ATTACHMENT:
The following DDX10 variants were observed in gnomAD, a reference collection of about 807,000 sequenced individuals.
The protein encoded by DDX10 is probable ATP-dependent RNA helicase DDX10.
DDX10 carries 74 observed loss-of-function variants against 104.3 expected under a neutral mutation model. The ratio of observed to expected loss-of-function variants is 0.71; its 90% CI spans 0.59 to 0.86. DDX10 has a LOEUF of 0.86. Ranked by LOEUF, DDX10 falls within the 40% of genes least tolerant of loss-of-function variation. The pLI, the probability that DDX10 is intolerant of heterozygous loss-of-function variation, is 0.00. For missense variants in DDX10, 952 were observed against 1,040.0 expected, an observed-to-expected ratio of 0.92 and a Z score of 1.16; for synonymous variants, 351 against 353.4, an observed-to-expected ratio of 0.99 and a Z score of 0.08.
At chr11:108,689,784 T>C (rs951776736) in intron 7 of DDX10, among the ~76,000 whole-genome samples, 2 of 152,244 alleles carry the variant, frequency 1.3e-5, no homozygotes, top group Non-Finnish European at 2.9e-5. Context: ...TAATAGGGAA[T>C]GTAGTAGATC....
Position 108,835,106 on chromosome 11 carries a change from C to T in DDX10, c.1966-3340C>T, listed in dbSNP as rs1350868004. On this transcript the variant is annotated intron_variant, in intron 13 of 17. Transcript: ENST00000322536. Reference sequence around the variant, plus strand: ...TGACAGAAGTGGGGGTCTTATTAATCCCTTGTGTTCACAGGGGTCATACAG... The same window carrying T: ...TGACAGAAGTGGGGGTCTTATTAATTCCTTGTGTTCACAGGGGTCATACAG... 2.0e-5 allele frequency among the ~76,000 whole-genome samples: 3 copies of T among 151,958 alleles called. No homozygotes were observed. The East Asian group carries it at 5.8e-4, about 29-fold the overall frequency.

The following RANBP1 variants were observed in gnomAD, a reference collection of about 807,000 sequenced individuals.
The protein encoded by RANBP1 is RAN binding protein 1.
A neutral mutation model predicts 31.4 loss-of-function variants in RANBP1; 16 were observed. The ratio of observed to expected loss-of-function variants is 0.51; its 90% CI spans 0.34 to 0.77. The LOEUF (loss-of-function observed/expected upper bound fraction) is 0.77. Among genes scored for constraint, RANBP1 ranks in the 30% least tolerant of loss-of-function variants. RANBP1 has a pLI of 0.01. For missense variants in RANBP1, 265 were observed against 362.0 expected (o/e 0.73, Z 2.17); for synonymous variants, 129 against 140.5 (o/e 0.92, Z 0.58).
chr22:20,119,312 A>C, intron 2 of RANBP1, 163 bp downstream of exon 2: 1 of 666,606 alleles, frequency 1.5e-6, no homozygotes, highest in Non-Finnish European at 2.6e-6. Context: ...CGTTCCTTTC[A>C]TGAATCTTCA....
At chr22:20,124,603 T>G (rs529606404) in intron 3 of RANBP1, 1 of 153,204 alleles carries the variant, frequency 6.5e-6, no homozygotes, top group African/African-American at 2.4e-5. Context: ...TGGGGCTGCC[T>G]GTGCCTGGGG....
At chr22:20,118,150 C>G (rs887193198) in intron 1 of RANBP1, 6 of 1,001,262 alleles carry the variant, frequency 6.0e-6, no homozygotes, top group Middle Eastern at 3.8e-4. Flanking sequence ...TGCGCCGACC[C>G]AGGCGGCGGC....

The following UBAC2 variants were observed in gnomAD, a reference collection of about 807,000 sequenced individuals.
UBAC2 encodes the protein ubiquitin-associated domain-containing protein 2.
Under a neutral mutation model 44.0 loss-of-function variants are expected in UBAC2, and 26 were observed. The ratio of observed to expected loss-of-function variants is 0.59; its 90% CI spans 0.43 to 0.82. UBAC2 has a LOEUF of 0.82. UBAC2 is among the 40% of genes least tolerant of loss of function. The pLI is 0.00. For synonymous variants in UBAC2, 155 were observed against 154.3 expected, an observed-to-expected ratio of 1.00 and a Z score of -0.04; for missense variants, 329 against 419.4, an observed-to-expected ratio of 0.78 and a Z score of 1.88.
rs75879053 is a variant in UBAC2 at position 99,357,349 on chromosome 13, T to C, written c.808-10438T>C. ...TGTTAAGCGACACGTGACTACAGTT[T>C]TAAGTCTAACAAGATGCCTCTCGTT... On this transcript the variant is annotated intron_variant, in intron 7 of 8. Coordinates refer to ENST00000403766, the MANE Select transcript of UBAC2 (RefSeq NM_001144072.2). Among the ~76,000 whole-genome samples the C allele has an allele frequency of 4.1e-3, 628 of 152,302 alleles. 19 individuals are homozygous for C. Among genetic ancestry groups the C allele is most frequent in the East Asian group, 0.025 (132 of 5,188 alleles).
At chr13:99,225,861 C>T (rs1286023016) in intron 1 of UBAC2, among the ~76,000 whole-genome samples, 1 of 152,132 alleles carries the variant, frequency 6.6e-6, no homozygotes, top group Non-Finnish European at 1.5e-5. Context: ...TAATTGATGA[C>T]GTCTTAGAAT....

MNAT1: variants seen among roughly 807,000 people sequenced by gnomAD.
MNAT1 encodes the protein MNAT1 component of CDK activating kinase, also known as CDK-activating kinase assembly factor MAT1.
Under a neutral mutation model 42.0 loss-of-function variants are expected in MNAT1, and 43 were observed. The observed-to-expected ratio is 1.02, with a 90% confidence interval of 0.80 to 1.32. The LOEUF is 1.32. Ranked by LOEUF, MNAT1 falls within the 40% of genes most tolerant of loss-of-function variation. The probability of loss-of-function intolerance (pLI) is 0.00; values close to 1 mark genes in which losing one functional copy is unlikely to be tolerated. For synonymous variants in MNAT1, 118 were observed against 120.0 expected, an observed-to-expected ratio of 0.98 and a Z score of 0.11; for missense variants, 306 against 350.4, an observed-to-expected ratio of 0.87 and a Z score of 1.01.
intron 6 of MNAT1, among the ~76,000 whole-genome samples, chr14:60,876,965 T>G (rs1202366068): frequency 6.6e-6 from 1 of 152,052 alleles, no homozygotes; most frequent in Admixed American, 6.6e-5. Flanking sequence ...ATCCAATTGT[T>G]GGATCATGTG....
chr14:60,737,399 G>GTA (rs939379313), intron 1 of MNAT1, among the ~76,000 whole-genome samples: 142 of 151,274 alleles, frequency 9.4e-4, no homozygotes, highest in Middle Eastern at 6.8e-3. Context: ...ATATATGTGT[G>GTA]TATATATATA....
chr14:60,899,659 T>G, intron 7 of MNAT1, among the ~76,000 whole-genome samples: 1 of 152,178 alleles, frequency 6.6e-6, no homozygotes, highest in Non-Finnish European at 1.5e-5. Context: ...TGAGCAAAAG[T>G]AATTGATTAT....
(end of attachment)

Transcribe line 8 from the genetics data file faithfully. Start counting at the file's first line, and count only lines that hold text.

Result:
A neutral mutation model predicts 31.4 loss-of-function variants in RANBP1; 16 were observed. The ratio of observed to expected loss-of-function variants is 0.51; its 90% CI spans 0.34 to 0.77. The LOEUF (loss-of-function observed/expected upper bound fraction) is 0.77. Among genes scored for constraint, RANBP1 ranks in the 30% least tolerant of loss-of-function variants. RANBP1 has a pLI of 0.01. For missense variants in RANBP1, 265 were observed against 362.0 expected (o/e 0.73, Z 2.17); for synonymous variants, 129 against 140.5 (o/e 0.92, Z 0.58).